• Inaccurate or missing information. Examples include incorrect social security numbers, misspellings, false bank account numbers, inaccurate or missing numbers, and sections that are left blank or filled out inappropriately. Math errors are common when filing by hand, as well.
  • Omitting a signature. It’s not always clear where you need to sign your return, and an unsigned return will be flagged as invalid, and processing will be delayed.
  • Selecting the wrong credits or deductions. A wide array of credits and deductions are available, which can be challenging to understand, even when filing electronically. You may accidentally opt to receive a tax credit that doesn’t apply (or fail to select a deduction that does), which could have monetary or potentially legal consequences.

How to Avoid Mistakes When Filing

Despite the abundance of complications in the tax filing process, the IRS wants you to succeed and provides several resources to help you navigate tax season. Here are additional ways to avoid mistakes, get the best results, and prevent tax fraud or negligence charges.

File Electronically

With so many cloud-based tools and software options available today, there is no need to go through the painstaking process of filing taxes by hand. Tax preparation software or resources like IRS Free File will automatically do the math and flag common mistakes. It also prompts users for missing information, offers valuable credits or deductions, and helps maximize your return. Filing online means everything moves faster, including your tax refund, so if you’re still filing by hand, it’s time to investigate an online service like IRS Free File, TurboTax, or H&R Block Online.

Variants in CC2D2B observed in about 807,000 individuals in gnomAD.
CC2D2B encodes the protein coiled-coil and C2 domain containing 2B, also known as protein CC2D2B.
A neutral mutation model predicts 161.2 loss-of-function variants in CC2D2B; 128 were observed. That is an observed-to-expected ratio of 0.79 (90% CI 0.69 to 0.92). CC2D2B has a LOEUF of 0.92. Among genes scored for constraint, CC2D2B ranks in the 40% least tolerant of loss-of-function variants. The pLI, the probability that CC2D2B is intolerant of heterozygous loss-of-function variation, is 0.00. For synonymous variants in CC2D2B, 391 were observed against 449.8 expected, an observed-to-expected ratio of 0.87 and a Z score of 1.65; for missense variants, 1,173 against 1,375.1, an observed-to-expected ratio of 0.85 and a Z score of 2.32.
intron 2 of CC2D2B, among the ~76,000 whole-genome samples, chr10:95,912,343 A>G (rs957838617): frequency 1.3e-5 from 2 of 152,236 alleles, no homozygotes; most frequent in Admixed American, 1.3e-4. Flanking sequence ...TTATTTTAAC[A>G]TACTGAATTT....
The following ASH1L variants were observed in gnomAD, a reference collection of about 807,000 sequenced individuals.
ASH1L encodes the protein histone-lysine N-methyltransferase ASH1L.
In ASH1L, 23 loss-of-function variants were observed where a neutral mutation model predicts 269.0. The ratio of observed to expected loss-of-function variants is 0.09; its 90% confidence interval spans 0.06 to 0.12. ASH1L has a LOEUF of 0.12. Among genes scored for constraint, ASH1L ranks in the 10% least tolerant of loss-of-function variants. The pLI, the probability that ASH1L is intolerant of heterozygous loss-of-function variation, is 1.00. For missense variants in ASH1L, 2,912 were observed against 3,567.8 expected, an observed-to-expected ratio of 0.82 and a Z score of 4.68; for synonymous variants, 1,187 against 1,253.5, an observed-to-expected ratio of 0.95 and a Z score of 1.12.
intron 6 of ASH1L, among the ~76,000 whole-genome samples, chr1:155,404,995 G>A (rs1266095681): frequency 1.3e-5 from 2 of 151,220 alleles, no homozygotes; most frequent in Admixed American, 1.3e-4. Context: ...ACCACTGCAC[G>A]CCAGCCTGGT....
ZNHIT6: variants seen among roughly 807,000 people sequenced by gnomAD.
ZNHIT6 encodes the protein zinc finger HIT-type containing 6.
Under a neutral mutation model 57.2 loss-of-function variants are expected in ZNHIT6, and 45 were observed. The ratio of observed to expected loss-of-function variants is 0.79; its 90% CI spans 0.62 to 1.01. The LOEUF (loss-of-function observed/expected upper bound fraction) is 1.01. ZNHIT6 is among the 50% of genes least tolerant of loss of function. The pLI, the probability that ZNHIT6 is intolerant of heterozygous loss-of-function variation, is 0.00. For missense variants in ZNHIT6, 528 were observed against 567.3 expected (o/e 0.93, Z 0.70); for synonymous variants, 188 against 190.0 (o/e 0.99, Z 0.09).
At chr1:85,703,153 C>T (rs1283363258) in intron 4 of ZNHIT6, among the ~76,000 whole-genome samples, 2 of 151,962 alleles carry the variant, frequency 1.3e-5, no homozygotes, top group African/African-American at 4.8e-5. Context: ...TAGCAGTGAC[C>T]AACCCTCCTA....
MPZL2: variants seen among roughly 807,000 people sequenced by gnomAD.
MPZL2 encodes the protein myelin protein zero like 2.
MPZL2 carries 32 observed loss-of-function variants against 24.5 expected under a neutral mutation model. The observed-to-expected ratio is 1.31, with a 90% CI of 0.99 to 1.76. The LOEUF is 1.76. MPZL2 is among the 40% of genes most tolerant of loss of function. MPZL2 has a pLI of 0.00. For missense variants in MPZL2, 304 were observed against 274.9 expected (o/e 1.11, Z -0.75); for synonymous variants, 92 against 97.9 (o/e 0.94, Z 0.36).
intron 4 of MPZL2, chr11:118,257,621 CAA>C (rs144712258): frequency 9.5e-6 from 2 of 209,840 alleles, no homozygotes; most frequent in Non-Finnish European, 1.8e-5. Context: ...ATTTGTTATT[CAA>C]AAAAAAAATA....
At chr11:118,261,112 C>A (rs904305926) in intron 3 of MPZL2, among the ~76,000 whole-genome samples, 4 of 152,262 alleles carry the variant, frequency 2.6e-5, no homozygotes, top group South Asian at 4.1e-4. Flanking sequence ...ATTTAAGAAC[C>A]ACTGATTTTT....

Double-Check Information

Even if you’re filing online or using advanced software, it’s still wise to double-check your information carefully. Remember, inaccurate or incomplete returns are leading causes of tax negligence and fraud charges, so it’s worth taking this extra step. This includes reviewing all information before submitting your return and keeping detailed records of all transactions throughout the year. You may also want to consult an experienced tax professional to ensure your return is accurate and compliant with all applicable laws.

Work with Professionals

Suppose your tax situation is complicated; for example, owning one or multiple businesses or being self-employed. In that case, it can be safer to hire an expert rather than file on your own. You can work with a certified public accountant (CPA) or enrolled agent (EA). Not only will this save time, but it also helps ensure you’re getting applicable savings.

Find a qualified professional by searching the IRS Preparer Directory, researching CPAs in your area, or even finding one online through a freelance site like Upwork. The IRS also has certified volunteers that can prepare your taxes for free.

If you are concerned about facing tax fraud charges, it’s essential to consult a criminal defense attorney with tax liability experience.


For personalized legal guidance, call our office at 417-882-9300 or submit this form to schedule a meeting with an attorney.